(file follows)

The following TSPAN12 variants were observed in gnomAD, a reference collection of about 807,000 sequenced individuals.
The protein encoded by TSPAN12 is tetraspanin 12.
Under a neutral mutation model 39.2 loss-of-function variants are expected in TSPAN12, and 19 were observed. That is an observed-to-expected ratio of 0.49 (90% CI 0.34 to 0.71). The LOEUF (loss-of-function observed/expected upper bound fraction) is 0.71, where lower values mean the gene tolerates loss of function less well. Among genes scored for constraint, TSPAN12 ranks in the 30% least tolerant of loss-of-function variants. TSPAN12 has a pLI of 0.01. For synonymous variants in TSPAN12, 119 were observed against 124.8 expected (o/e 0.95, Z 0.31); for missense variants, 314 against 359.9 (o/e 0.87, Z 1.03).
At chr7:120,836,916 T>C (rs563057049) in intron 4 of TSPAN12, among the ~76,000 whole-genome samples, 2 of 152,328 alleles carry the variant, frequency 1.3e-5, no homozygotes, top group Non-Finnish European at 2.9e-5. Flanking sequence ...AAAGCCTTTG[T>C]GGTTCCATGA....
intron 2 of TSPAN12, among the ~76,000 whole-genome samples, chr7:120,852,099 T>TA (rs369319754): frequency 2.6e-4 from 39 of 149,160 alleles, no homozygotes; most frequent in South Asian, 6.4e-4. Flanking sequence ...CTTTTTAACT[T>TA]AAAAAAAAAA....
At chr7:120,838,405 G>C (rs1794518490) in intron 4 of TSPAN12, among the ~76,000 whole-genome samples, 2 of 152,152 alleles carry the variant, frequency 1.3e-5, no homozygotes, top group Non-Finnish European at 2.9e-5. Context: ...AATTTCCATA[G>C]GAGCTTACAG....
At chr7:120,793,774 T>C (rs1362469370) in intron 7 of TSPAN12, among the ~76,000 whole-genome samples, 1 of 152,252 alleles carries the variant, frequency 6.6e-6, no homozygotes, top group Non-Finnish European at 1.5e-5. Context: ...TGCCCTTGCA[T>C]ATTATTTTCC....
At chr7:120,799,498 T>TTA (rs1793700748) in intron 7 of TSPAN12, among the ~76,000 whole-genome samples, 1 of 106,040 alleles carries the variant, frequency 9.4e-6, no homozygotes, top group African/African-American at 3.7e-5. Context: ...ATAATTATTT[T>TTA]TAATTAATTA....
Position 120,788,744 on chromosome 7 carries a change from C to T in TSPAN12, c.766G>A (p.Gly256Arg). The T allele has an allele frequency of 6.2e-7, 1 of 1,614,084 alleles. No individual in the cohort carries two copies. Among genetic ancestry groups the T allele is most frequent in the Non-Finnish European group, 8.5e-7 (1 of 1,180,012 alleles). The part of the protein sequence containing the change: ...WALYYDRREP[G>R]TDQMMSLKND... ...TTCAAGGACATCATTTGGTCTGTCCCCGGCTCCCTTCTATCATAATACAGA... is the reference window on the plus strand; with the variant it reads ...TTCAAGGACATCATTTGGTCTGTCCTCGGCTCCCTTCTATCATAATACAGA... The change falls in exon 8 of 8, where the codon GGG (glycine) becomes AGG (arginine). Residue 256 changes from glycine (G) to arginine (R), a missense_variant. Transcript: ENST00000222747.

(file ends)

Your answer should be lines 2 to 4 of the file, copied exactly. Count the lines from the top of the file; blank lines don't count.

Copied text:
The protein encoded by TSPAN12 is tetraspanin 12.
Under a neutral mutation model 39.2 loss-of-function variants are expected in TSPAN12, and 19 were observed. That is an observed-to-expected ratio of 0.49 (90% CI 0.34 to 0.71). The LOEUF (loss-of-function observed/expected upper bound fraction) is 0.71, where lower values mean the gene tolerates loss of function less well. Among genes scored for constraint, TSPAN12 ranks in the 30% least tolerant of loss-of-function variants. TSPAN12 has a pLI of 0.01. For synonymous variants in TSPAN12, 119 were observed against 124.8 expected (o/e 0.95, Z 0.31); for missense variants, 314 against 359.9 (o/e 0.87, Z 1.03).
At chr7:120,836,916 T>C (rs563057049) in intron 4 of TSPAN12, among the ~76,000 whole-genome samples, 2 of 152,328 alleles carry the variant, frequency 1.3e-5, no homozygotes, top group Non-Finnish European at 2.9e-5. Flanking sequence ...AAAGCCTTTG[T>C]GGTTCCATGA....